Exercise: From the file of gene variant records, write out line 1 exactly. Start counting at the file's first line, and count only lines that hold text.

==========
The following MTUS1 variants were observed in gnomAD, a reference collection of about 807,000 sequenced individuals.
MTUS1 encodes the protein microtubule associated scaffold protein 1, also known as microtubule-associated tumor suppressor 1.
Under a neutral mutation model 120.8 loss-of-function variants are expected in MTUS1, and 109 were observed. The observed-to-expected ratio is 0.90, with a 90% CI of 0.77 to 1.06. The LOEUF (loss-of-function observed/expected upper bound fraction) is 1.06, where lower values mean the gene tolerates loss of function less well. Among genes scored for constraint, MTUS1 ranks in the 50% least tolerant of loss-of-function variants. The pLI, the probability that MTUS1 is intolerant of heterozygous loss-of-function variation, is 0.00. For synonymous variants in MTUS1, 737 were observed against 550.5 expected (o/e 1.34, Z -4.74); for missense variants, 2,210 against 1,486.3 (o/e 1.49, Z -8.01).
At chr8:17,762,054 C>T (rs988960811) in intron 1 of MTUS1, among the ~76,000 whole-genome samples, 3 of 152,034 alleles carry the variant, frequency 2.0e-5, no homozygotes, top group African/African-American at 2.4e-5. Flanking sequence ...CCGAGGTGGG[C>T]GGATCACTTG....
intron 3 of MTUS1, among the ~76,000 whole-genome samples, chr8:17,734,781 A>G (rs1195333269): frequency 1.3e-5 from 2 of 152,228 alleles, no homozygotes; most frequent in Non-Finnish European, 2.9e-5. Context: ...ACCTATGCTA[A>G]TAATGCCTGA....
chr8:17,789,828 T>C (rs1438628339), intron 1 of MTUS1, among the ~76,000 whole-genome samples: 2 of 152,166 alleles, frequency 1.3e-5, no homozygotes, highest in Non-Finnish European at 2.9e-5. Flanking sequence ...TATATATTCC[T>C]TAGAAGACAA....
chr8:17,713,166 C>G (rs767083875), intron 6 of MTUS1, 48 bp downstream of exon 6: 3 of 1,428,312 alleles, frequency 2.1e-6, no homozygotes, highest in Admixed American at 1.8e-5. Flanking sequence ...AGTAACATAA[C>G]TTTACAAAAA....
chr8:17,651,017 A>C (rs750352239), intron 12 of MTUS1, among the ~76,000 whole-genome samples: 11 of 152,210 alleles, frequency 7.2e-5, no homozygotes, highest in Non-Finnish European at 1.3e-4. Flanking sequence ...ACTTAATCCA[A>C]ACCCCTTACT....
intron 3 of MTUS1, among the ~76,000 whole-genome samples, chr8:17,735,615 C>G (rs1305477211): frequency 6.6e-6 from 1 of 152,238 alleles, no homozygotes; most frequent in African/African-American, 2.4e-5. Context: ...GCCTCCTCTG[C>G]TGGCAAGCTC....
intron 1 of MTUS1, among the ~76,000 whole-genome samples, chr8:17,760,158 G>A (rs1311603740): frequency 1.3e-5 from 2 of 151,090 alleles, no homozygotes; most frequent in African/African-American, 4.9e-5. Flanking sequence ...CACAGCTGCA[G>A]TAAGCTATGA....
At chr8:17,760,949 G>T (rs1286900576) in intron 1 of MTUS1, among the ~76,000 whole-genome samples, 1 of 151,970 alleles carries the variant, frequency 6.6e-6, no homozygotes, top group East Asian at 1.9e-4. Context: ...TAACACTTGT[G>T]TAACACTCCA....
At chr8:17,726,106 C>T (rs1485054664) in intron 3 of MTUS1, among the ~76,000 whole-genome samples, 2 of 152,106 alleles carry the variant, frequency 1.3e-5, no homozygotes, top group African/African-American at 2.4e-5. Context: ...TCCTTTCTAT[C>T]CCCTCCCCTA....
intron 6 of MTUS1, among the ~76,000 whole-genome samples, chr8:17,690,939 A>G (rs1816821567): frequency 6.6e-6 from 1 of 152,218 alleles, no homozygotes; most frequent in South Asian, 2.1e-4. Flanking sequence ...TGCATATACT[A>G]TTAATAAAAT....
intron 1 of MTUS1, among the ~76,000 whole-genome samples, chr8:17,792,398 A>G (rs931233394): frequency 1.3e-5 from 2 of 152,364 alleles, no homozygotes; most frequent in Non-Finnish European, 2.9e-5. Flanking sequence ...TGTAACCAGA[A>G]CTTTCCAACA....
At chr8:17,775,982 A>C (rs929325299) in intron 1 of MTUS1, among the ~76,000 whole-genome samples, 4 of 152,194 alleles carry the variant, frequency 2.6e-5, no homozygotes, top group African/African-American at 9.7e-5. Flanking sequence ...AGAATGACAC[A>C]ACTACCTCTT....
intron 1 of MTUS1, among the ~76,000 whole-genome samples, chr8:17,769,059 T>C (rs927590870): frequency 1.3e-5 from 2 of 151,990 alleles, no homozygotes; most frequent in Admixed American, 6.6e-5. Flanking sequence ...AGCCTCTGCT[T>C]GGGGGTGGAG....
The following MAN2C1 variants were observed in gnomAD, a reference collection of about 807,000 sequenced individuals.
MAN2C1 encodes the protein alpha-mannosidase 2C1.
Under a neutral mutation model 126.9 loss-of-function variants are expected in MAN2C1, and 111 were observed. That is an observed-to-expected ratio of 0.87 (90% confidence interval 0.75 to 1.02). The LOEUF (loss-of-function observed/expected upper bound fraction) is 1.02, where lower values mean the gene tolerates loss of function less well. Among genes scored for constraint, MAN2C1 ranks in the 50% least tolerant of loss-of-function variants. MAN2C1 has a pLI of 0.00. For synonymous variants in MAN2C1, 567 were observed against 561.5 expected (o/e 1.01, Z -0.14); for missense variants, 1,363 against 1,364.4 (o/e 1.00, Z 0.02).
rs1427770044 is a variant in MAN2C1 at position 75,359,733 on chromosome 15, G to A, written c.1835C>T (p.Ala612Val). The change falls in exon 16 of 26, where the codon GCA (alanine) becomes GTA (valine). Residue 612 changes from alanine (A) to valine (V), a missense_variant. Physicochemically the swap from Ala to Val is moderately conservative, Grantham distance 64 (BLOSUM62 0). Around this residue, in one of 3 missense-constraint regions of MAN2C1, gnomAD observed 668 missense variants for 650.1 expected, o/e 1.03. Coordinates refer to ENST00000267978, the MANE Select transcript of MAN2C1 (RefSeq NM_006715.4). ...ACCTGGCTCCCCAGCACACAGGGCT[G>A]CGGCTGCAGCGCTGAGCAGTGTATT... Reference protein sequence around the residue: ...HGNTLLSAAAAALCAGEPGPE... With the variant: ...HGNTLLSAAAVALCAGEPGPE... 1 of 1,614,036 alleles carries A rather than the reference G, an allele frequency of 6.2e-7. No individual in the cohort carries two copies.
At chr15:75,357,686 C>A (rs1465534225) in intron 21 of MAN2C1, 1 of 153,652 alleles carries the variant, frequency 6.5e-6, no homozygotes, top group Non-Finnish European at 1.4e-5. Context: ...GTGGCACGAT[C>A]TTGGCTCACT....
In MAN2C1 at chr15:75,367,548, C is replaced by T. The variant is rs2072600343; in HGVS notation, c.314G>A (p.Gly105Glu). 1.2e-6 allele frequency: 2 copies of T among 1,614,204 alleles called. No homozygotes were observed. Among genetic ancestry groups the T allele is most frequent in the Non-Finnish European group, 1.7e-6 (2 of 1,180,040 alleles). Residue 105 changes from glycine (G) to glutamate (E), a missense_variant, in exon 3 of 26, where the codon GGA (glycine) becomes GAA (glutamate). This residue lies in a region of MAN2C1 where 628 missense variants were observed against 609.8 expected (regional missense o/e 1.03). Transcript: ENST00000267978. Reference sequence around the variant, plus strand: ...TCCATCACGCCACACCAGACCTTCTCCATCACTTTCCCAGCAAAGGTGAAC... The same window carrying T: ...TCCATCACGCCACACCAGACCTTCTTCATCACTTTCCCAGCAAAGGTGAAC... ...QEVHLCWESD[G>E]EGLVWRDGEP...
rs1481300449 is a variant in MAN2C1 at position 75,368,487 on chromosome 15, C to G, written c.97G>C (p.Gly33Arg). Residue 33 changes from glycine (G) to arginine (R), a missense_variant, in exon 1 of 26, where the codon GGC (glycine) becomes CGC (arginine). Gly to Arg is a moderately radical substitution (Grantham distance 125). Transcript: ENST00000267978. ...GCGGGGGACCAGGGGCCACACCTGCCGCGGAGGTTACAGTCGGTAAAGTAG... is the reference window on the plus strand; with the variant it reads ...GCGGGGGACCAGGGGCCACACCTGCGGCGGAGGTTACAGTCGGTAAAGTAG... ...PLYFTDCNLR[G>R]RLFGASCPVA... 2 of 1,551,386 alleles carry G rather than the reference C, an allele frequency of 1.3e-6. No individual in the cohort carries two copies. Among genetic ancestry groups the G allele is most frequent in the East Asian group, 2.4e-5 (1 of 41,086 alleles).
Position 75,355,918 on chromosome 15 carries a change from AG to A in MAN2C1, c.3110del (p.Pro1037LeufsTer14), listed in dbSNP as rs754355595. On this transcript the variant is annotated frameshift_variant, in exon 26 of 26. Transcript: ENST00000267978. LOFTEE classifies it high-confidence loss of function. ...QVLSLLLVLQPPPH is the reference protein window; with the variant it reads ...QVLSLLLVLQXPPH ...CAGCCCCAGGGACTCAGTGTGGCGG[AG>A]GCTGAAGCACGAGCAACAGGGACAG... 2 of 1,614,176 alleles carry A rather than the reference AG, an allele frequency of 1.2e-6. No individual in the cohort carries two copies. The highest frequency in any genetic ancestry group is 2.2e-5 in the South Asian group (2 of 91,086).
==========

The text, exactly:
The following MTUS1 variants were observed in gnomAD, a reference collection of about 807,000 sequenced individuals.